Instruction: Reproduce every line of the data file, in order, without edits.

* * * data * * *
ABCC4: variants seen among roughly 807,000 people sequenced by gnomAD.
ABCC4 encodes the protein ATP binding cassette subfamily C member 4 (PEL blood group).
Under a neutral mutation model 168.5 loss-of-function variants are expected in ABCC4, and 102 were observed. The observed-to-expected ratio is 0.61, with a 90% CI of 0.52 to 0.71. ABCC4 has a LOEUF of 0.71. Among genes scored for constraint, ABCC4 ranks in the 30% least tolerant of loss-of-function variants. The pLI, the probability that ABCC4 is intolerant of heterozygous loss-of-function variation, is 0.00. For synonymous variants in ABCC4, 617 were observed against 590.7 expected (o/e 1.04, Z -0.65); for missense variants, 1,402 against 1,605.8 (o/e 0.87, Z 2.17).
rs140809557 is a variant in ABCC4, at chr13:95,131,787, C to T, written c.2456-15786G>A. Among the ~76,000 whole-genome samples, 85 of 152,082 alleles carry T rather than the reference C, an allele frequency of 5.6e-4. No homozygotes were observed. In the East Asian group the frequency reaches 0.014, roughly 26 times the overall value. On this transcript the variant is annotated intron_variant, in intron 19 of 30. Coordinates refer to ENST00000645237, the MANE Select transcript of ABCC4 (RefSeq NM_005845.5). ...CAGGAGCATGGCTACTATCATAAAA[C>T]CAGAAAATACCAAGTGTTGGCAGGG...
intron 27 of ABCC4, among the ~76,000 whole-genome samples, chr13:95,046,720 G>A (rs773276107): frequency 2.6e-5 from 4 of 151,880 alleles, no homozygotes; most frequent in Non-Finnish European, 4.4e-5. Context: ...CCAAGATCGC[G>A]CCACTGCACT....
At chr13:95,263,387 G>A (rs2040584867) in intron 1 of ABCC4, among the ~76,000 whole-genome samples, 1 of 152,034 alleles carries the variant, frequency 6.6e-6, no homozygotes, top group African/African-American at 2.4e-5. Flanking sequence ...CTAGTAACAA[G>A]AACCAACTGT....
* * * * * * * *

ABCC4: variants seen among roughly 807,000 people sequenced by gnomAD.
ABCC4 encodes the protein ATP binding cassette subfamily C member 4 (PEL blood group).
Under a neutral mutation model 168.5 loss-of-function variants are expected in ABCC4, and 102 were observed. The observed-to-expected ratio is 0.61, with a 90% CI of 0.52 to 0.71. ABCC4 has a LOEUF of 0.71. Among genes scored for constraint, ABCC4 ranks in the 30% least tolerant of loss-of-function variants. The pLI, the probability that ABCC4 is intolerant of heterozygous loss-of-function variation, is 0.00. For synonymous variants in ABCC4, 617 were observed against 590.7 expected (o/e 1.04, Z -0.65); for missense variants, 1,402 against 1,605.8 (o/e 0.87, Z 2.17).
rs140809557 is a variant in ABCC4, at chr13:95,131,787, C to T, written c.2456-15786G>A. Among the ~76,000 whole-genome samples, 85 of 152,082 alleles carry T rather than the reference C, an allele frequency of 5.6e-4. No homozygotes were observed. In the East Asian group the frequency reaches 0.014, roughly 26 times the overall value. On this transcript the variant is annotated intron_variant, in intron 19 of 30. Coordinates refer to ENST00000645237, the MANE Select transcript of ABCC4 (RefSeq NM_005845.5). ...CAGGAGCATGGCTACTATCATAAAA[C>T]CAGAAAATACCAAGTGTTGGCAGGG...
intron 27 of ABCC4, among the ~76,000 whole-genome samples, chr13:95,046,720 G>A (rs773276107): frequency 2.6e-5 from 4 of 151,880 alleles, no homozygotes; most frequent in Non-Finnish European, 4.4e-5. Context: ...CCAAGATCGC[G>A]CCACTGCACT....
At chr13:95,263,387 G>A (rs2040584867) in intron 1 of ABCC4, among the ~76,000 whole-genome samples, 1 of 152,034 alleles carries the variant, frequency 6.6e-6, no homozygotes, top group African/African-American at 2.4e-5. Flanking sequence ...CTAGTAACAA[G>A]AACCAACTGT....